NASA Astronomy Picture of the Day 5 March 2023: Spectacular meeting of Venus and Jupiter

NASA Astronomy Picture of the Day is depicting two bright planets in the sky. These are none other than the rare Venus and Jupiter conjunction.

| Updated on: Mar 05 2023, 14:44 IST
Top NASA Astronomy Pictures of the Week: Crescent Moon, Flaming Nebula, Venus to Jupiter
Venus and Jupiter
1/5 Venus-Jupiter Conjunction (Feb 27) - features the view of Venus and Jupiter, but with an unusual ray of light extending from the horizon. It is known as Zodiacal light, a band of dust reflecting sunlight from the inner Solar System which becomes noticeable during certain periods when observed after sunset or before sunrise. (NASA/Ruslan Merzlyakov)
Venus and Jupiter
2/5 Crescent Moon and the Temple of Poseidon (Feb 28) - It is a stunning snapshot of the thin crescent Moon with the ancient Greek Temple of Poseidon at the forefront in Greece. According to NASA, the moonlight we see on Earth is sunlight reflected off the Moon's grayish-white surface. (NASA/Elias Chasiotis)
Venus and Jupiter
3/5 Flaming Nebula, Tadpole Nebula and Comet ZTF (March 1) - Flaming Star Nebula and the Tadpole Nebula can be seen crossing paths with the Comet ZTF. IC405, otherwise known as the Flaming Star Nebula, lies about 1,500 light-years away toward the constellation of Auriga and spans about 5 light-years across.  (NASA/Thomas Roell)
Venus and Jupiter
4/5 Spiral Galaxies NGC 3169 and NGC 3166 (March 2) - It is a stellar snapshot of Spiral Galaxy NGC 3169 and its neighbour NGC 3166. NGC 3169 is located almost 70 million light-years away in the constellation of Sextans (the Sextant). According to NASA, it is part of the Leo I Group of galaxies which is part of a larger galactic congregation known as the Virgo Supercluster.  (NASA/Mike Selby/Mark Hanson)
Venus and Jupiter
5/5 Supernova Remnant RCW 86 (March 3) - After the supernova explosion, its remnants are left behind, which are known as Supernova Remnants (SNR). NASA’s Astronomy Picture of the Day is an extremely rare and historical snapshot of Supernova Remnant RCW 86 which spans around 100 light-years and is located nearly 8000 light-years away.  (NASA/CTIO/NOIRLab/DOE/NSF/AURA)
Venus and Jupiter
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Venus and Jupiter have created a magnificent spectacle in the night sky. (Image Credit & Copyright: Giovanni Tumino)

The world is not yet done talking about the rare meeting of two planets in our solar system in the night sky! Almost on a daily basis, you can find new photos released on the internet of the Venus-Jupiter conjunction. NASA has shared Jupiter and Venus conjunction seen as two bright spots over Italy in the night sky as the astronomy photo of the day.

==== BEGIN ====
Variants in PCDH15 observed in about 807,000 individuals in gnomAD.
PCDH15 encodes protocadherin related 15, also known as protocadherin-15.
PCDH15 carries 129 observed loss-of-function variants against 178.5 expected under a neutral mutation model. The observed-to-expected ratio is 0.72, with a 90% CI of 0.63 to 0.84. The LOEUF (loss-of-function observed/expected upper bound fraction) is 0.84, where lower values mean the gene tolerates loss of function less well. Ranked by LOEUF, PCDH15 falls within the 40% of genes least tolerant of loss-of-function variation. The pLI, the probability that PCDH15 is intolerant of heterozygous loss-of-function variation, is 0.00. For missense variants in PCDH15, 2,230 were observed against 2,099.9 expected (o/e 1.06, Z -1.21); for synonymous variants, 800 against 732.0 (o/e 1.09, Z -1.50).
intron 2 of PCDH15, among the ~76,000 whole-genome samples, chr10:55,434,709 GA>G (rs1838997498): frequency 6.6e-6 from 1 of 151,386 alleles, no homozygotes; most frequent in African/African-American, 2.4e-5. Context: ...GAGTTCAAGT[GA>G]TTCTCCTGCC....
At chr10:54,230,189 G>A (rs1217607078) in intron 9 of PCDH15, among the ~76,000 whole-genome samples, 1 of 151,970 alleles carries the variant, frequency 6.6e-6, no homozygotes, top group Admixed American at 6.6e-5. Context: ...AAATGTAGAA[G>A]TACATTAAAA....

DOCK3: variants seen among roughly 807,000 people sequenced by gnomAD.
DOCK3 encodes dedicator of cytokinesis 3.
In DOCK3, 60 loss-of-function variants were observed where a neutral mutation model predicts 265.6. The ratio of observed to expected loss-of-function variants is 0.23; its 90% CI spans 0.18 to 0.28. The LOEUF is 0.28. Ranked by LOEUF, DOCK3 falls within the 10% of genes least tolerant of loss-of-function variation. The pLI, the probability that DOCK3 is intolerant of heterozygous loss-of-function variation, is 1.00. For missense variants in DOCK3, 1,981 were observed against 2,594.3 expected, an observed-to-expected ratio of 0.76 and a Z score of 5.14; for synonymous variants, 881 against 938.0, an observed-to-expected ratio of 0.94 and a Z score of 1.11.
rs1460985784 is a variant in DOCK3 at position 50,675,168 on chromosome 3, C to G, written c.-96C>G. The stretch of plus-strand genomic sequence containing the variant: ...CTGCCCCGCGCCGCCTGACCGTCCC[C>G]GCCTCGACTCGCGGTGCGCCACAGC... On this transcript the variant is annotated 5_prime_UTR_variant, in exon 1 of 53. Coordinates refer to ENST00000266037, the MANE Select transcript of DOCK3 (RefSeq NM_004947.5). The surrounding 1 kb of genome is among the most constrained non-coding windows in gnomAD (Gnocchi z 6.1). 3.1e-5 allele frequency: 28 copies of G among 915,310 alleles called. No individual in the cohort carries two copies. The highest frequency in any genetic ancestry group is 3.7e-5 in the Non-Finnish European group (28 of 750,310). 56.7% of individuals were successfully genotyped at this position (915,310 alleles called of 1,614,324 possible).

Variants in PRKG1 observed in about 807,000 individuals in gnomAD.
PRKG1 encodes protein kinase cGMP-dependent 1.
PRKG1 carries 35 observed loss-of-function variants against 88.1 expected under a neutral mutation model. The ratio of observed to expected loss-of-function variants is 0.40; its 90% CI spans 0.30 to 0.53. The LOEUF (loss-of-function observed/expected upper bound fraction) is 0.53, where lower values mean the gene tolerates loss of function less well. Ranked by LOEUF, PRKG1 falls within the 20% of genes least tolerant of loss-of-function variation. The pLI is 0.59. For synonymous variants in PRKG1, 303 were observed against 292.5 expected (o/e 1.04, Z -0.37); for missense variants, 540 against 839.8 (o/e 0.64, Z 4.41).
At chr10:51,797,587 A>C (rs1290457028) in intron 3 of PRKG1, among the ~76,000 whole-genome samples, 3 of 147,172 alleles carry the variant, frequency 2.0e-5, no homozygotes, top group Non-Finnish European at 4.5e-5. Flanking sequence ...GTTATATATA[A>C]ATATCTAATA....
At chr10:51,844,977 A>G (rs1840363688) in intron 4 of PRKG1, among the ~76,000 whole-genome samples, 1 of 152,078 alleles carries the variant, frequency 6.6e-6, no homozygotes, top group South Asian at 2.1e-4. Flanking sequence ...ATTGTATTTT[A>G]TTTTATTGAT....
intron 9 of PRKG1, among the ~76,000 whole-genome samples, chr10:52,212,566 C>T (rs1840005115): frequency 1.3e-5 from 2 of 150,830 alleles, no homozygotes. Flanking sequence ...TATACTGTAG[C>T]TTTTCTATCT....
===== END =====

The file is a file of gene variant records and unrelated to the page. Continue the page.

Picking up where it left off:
NASA said while sharing the photo that “a few days ago, the two brightest planets in the night sky passed within a single degree of each other in what is termed a conjunction. Visible just after sunset in much of the world, the two bright spots were Jupiter (left) and Venus (right).” The featured image was taken near the closest approach from Cirica, Sicily, Italy. Merely a week ago, Venus was rising in the evening sky to meet Jupiter, but now their positions have reversed.

Naturally, Venus is much nearer to the Sun and Earth than Jupiter, and the apparent proximity of the two planets in the Earth's sky was purely angular. Despite their ongoing separation, the famous duo can still be observed for around an hour after sunset this month, but Jupiter will continue to set earlier each night.

Next Venus and Jupiter conjunction

Did you miss to witness this rare planetary conjunction of Venus and Jupiter? As per a report by, Venus and Jupiter won't appear close again until February 7, 2032! That's almost a decade.

Don't worry! This wasn't the only planetary conjunction that you can enjoy. report mentioned that Venus and Uranus will meet in the night sky on March 31, 2023. "Venus and Uranus will share the same right ascension, with Venus passing 1°17' to the north of Uranus," the report mentioned.

If you're in Delhi, you'll be able to spot the duo at around 18:52 (IST), positioned 31 degrees above the western horizon as the evening light fades. As time passes, they will gradually descend towards the horizon and finally set 2 hours and 46 minutes after the Sun, at 21:23. It will be visible through a pair of binoculars.

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First Published Date: 05 Mar, 14:31 IST
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